US 4887086 A
A radio receiver for use in a vehicle combines a radar receiver, a receiver for the citizen band, and a scanning receiver for public service bands which are controlled in operation and function by a microprocessor. The public service scanning receiver covers a range of public service bands from 37 MHz to 470 MHz. The receiver for the citizen band covers frequencies from 26 to 28 MHz. The radar receiver covers frequencies of traffic radars located in the X and K bands, from 8 to 24 GHz. In the preferred embodiment, a radar detector responds to radar signals in either the X or K band under control of the microprocessor, and is in a standby mode whether or not the operator is listening to reception on the citizen band or a public service band. A synthesizer either selects a desired channel in the citizen band or else scans a preselected group of public service frequencies that correspond to those assigned to a particular state, country or city. Combined radio front ends are served by the synthesizer that is controlled by the microprocessor. Received signals undergo a dual conversion to produce an IF signal that is either narrow-band FM in the case of public service signals or AM in the case of CB. The signal that is selected is controlled by the microprocessor and is coupled to an audio amplifier and speaker to be heard. Under the control of a microprocessor, a detected traffic radar signal will override the signal being heard unless the operator elects otherwise. The use of a common front end for the public service receiver and the citizen band receiver minimizes cost and simplifies control of bands and frequencies by the microprocessor, leading to a portable device that is readily removed from a vehicle to minimize the risk of theft.
1. A radio receiver comprising in combination in an integral unit: a traffic radar receiver adapted to detect a traffic radar signal such as in the K band or X band, a citizen band receiver, and a receiver for public service bands, the traffic radar receiver adapted to override the citizen band receiver or the receiver for public service bands and provide an alarm when said traffic radar signal is detected.
2. The radio receiver of claim 1 additionally comprising:
a microprocessor that is a part of the integral unit, the microprocessor controlling operation of the traffic radar receiver, the citizen band receiver, and the receiver for public service bands.
3. The radio receiver of claim 2 additionally comprising:
a synthesizer that is controlled by the microprocessor to select frequencies of a local oscillator for either the citizen band receiver or the receiver for the public service bands.
4. The radio receiver of claim 1 wherein the receiver for public service bands is adapted to scan a predetermined set of frequencies.
5. The radio receiver of claim 2 wherein the microprocessor controls a search of frequencies in the receiver for public service bands.
6. The radio receiver of claim 5 wherein the microprocessor controls a synthesizer that applies predetermined frequencies as local oscillator signals to the receiver for public service bands to search a predetermined set of frequencies and to pause at a frequency at which a broadcast is detected.
7. The radio receiver of claim 5 wherein the microprocessor controls a synthesizer that applies first predetermined frequencies as local oscillator signals to the receiver for public service bands to search assigned frequencies for a particular geographic region and service and to pause at a frequency at which a broadcast is detected.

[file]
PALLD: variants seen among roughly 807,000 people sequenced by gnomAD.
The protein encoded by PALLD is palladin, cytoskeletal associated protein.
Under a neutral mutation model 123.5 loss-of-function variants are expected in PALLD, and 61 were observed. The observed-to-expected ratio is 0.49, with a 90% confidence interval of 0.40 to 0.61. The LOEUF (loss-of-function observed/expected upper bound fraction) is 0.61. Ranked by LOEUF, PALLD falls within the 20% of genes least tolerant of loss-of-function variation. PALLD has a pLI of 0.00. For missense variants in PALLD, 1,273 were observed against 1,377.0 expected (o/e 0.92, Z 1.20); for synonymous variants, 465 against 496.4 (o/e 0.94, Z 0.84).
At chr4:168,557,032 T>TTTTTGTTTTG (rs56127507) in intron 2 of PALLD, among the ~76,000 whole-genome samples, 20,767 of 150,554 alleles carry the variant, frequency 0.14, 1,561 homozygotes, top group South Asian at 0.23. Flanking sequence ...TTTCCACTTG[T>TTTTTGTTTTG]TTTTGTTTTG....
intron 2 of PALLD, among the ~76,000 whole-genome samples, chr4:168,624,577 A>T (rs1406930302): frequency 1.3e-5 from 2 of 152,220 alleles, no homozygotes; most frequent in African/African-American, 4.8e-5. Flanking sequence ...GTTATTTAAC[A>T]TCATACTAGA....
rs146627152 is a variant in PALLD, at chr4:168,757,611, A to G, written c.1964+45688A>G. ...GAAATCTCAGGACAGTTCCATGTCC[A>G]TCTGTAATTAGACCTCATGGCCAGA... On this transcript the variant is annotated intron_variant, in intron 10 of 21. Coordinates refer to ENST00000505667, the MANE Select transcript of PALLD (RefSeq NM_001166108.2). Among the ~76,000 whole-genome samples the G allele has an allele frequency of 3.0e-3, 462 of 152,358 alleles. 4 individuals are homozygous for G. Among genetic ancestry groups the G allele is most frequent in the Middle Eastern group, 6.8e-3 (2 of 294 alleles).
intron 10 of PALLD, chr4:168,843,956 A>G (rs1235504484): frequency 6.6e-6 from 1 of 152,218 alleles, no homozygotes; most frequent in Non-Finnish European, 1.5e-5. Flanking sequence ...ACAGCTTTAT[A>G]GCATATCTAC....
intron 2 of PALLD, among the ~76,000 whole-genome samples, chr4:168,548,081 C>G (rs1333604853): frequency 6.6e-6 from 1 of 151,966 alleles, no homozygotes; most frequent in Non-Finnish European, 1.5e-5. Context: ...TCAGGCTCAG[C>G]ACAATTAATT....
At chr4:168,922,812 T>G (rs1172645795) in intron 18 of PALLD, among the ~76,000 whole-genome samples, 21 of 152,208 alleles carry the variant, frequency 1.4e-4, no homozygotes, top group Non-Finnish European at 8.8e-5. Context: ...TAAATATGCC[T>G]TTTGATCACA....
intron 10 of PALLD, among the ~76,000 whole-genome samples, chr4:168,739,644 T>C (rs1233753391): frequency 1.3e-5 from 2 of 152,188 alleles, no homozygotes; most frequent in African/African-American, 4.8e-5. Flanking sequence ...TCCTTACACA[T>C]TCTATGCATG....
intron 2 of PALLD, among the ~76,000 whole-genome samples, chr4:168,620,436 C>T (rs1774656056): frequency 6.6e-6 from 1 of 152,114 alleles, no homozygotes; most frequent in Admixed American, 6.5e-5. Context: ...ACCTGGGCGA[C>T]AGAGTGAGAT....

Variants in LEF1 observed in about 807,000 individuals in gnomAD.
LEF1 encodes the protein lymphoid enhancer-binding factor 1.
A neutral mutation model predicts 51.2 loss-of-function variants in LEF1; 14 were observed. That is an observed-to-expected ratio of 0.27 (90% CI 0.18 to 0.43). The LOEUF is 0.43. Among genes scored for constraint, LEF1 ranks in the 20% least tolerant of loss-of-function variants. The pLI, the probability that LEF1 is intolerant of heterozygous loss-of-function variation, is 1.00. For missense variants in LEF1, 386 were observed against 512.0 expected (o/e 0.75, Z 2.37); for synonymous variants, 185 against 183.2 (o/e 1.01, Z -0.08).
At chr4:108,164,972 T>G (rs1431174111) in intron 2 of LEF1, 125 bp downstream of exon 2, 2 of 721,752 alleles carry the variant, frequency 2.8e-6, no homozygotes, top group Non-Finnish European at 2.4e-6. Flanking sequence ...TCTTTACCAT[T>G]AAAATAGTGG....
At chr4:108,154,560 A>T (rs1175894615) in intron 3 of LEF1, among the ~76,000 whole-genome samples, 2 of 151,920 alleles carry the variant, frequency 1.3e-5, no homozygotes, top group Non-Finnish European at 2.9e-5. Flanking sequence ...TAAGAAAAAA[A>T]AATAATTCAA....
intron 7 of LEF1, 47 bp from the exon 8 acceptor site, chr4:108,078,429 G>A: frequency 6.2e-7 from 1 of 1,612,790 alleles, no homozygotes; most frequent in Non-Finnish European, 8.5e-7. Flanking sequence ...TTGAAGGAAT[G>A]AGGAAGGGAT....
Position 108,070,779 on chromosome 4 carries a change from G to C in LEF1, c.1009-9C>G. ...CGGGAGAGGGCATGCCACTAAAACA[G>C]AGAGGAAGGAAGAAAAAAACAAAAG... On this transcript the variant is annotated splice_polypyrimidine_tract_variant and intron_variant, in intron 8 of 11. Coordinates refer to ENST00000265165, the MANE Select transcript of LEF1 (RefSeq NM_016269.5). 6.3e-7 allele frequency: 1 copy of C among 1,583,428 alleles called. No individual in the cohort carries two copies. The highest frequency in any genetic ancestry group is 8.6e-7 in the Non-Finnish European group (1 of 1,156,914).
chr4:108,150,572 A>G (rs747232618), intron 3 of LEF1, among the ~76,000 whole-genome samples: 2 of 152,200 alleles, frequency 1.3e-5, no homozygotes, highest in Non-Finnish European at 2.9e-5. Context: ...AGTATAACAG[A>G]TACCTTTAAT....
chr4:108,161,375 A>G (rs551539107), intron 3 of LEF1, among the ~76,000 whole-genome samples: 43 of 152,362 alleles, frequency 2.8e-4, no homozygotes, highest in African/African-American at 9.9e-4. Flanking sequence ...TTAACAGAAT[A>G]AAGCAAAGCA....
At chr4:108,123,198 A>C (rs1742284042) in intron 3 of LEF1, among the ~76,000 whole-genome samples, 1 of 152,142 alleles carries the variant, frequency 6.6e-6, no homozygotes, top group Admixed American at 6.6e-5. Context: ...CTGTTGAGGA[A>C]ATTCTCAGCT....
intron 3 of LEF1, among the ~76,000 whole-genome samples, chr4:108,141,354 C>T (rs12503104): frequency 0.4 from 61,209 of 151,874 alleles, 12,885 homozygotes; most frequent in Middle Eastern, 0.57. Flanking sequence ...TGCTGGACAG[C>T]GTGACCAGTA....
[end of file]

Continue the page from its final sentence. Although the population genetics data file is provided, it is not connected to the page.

8. The radio receiver of claim 5 wherein the microprocessor controls a synthesizer that applies first predetermined frequencies as local oscillator signals to the receiver for public service bands to search assigned frequencies for each of the states of the United States as stored in read-only memory that is operationally coupled to the microprocessor.
9. A radio receiver comprising in combination in an integral unit:
a scanning receiver for public service bands;
a citizen band receiver;
a traffic radar receiver adapted to receive a traffic radar signal such as in the K band or the X band; and
a microprocessor connected to the scanning receiver, the citizen band receiver, and the traffic radar receiver to control their operation such that the traffic radar receiver can override the scanning receiver or the citizen band receiver to provide an alarm upon detection of said traffic radar signal.
10. The radio receiver of claim 9 wherein the microprocessor comprises in addition a ROM containing information identifying public service frequencies by states.
11. The radio receiver of claim 9 comprising in addition display means for identifying received signal strength.
12. The radio receiver of claim 9 comprising in addition means for deleting a selected frequency when scanning the public service frequencies.
13. The radio receiver of claim 12 comprising in addition means for restoring the deleted frequencies to be scanned when a different state is selected when scanning the public service frequencies.
14. The radio receiver of claim 12 comprising in addition means for restoring the deleted frequencies to be scanned in response to a signal from an operator when scanning the public service frequencies.
15. The radio receiver of claim 9 wherein the microprocessor comprises in addition a ROM containing information identifying public service frequencies by states and further identifying assignment of the public service frequencies to state police, county agencies and cities.
FIG. 1 is a system block diagram of the circuit of the receiver of the present invention. In FIG. 1, an antenna 20 is connected to radio front ends 22. It is convenient to use a single antenna 20, although it would be equally feasible to use a plurality of antennas since the front ends 22 cover frequencies ranging from 27 MHz through 510 MHz, and may be extended to include public-service frequencies in the 800 MHz band.